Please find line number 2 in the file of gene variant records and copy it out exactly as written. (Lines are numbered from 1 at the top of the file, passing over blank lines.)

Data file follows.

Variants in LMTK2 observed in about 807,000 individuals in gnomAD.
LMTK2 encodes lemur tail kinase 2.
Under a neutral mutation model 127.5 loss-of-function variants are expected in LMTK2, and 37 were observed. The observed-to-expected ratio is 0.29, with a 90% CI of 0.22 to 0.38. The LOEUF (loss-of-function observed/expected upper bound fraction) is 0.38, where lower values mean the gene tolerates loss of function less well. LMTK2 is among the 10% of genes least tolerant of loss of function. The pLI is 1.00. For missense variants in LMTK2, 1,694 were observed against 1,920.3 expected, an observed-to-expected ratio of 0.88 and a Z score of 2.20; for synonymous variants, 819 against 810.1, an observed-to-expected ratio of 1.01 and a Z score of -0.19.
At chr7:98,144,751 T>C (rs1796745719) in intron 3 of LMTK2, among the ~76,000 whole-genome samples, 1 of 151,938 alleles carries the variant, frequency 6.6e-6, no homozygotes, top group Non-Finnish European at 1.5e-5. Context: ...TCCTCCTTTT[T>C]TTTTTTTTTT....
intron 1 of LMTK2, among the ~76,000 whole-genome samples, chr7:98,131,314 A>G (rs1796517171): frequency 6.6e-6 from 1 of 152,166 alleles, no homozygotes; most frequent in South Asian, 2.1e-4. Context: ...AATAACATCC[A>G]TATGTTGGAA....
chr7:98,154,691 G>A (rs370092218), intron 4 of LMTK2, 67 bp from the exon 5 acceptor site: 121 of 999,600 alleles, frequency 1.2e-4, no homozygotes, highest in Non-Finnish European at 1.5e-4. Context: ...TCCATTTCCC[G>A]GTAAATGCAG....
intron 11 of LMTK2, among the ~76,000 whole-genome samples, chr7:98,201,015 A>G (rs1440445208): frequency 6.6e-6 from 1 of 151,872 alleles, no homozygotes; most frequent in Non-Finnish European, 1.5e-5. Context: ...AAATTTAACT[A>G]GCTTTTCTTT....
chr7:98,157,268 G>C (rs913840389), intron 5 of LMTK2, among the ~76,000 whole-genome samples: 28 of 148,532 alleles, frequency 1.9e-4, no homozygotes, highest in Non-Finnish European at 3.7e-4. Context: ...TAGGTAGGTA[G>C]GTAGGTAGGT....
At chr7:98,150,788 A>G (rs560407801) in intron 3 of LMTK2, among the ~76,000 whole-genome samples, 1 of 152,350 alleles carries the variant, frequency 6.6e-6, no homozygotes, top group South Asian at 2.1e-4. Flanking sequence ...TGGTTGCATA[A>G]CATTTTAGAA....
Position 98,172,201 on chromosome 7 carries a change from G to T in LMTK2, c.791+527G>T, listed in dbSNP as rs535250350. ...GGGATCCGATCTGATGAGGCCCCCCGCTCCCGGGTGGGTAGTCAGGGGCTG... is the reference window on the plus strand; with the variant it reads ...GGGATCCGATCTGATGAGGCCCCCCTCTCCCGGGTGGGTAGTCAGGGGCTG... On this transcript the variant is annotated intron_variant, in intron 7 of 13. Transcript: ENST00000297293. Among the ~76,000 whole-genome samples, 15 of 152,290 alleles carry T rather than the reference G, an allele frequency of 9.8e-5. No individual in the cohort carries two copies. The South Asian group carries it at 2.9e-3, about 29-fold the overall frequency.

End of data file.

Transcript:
LMTK2 encodes lemur tail kinase 2.